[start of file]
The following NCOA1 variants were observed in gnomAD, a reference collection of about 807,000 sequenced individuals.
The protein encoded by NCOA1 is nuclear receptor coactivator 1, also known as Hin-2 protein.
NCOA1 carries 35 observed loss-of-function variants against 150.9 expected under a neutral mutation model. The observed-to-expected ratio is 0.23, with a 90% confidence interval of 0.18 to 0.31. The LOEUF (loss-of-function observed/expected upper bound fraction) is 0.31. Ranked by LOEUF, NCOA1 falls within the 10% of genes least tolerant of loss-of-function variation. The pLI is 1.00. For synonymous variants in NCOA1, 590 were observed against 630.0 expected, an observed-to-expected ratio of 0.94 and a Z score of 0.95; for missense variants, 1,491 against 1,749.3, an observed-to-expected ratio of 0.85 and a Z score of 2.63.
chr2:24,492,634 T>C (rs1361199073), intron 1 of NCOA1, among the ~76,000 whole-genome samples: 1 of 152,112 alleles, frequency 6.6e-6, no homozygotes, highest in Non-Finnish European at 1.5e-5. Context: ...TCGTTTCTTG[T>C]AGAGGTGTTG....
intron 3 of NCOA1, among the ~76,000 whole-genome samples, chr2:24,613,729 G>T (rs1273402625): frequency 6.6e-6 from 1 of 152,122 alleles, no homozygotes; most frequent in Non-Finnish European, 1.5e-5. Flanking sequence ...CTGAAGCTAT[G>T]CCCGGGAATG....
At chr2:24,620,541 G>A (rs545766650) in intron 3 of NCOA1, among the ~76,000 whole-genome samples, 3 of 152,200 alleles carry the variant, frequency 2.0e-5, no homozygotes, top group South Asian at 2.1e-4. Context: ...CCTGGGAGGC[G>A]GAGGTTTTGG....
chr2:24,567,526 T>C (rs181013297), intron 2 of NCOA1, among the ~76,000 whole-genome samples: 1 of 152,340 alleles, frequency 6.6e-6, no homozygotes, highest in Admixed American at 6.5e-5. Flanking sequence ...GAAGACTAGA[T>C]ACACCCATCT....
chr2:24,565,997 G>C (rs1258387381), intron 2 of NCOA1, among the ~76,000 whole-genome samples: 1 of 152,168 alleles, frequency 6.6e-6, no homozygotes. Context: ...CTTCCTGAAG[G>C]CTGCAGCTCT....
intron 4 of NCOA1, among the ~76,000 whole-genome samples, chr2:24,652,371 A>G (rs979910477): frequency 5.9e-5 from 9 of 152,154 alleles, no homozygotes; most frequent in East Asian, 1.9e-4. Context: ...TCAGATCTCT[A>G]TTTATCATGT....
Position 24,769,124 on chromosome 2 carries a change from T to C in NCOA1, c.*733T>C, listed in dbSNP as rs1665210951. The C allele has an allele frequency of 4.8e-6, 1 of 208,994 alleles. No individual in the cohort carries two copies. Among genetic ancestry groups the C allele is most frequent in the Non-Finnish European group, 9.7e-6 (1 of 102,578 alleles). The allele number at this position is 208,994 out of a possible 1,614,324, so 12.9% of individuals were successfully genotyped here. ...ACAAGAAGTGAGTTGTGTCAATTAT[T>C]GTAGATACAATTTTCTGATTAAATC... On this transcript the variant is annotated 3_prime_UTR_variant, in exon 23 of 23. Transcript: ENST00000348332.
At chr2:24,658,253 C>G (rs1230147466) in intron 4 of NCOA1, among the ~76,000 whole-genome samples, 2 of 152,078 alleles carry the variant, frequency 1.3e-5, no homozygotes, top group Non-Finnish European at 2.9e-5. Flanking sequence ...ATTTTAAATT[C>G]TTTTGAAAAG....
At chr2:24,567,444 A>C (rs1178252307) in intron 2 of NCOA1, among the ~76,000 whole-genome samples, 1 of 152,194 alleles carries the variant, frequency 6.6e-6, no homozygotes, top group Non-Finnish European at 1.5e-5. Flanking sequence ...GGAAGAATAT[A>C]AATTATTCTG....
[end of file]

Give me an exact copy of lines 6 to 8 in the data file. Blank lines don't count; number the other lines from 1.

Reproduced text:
At chr2:24,620,541 G>A (rs545766650) in intron 3 of NCOA1, among the ~76,000 whole-genome samples, 3 of 152,200 alleles carry the variant, frequency 2.0e-5, no homozygotes, top group South Asian at 2.1e-4. Context: ...CCTGGGAGGC[G>A]GAGGTTTTGG....
chr2:24,567,526 T>C (rs181013297), intron 2 of NCOA1, among the ~76,000 whole-genome samples: 1 of 152,340 alleles, frequency 6.6e-6, no homozygotes, highest in Admixed American at 6.5e-5. Flanking sequence ...GAAGACTAGA[T>C]ACACCCATCT....
chr2:24,565,997 G>C (rs1258387381), intron 2 of NCOA1, among the ~76,000 whole-genome samples: 1 of 152,168 alleles, frequency 6.6e-6, no homozygotes. Context: ...CTTCCTGAAG[G>C]CTGCAGCTCT....